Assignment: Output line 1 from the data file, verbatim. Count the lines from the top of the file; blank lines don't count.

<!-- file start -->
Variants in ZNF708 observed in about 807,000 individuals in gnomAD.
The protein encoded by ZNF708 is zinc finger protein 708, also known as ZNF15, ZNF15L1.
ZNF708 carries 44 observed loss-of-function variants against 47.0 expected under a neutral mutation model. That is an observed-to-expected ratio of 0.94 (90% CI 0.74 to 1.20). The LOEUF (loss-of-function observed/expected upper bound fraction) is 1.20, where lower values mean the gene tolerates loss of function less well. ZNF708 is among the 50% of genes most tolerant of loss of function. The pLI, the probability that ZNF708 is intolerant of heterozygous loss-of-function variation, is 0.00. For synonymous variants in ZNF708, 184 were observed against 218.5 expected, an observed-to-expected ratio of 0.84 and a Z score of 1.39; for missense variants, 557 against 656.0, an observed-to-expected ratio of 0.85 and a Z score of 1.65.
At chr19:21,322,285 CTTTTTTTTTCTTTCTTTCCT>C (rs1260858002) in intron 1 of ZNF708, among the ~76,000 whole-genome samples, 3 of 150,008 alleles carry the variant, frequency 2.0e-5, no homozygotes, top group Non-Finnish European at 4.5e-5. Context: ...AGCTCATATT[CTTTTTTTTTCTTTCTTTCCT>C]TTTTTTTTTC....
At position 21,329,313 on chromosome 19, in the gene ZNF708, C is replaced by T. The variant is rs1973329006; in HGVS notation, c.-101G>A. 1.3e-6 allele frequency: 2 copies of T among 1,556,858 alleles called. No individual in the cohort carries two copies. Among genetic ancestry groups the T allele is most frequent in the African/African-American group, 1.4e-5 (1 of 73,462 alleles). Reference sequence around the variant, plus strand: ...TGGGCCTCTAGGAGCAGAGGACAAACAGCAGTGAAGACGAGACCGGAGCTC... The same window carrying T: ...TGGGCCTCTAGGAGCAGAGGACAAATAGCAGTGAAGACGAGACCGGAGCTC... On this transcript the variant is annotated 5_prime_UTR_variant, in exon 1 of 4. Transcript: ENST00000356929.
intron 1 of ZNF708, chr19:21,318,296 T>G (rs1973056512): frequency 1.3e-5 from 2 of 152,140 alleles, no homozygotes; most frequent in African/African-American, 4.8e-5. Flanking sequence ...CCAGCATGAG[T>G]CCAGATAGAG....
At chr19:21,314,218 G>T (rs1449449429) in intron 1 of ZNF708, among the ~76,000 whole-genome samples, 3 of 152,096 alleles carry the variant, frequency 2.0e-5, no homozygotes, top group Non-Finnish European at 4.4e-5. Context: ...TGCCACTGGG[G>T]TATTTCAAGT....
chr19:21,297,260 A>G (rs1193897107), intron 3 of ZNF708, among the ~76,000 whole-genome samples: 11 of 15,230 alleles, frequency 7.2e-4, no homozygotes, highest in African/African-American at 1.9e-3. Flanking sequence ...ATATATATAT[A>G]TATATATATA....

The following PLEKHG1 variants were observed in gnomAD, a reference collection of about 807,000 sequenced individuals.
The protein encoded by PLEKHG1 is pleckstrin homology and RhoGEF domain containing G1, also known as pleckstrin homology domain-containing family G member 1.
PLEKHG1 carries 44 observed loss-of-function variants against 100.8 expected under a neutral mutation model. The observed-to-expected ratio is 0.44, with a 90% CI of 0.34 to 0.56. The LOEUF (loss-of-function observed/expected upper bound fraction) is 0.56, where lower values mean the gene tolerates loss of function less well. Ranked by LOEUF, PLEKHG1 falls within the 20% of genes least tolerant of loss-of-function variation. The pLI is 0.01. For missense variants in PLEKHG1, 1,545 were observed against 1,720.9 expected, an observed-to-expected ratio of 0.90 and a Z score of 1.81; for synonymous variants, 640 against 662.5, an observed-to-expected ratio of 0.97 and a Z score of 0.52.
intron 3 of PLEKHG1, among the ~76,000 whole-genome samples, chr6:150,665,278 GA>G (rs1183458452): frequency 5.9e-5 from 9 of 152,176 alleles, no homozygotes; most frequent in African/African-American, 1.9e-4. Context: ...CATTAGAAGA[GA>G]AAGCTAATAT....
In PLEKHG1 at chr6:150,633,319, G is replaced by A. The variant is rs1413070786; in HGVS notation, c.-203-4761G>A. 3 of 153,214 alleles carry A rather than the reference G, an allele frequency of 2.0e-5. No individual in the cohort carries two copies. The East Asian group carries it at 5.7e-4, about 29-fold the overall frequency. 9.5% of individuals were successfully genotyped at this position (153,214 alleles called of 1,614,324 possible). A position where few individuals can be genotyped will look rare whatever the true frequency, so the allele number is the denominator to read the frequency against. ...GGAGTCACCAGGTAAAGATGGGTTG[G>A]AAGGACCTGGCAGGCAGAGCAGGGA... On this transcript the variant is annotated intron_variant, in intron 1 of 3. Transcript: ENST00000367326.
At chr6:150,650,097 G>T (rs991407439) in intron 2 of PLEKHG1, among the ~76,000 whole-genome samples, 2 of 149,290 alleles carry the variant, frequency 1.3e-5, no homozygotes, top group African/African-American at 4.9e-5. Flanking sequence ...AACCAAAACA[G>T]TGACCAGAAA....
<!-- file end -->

Variants in ZNF708 observed in about 807,000 individuals in gnomAD.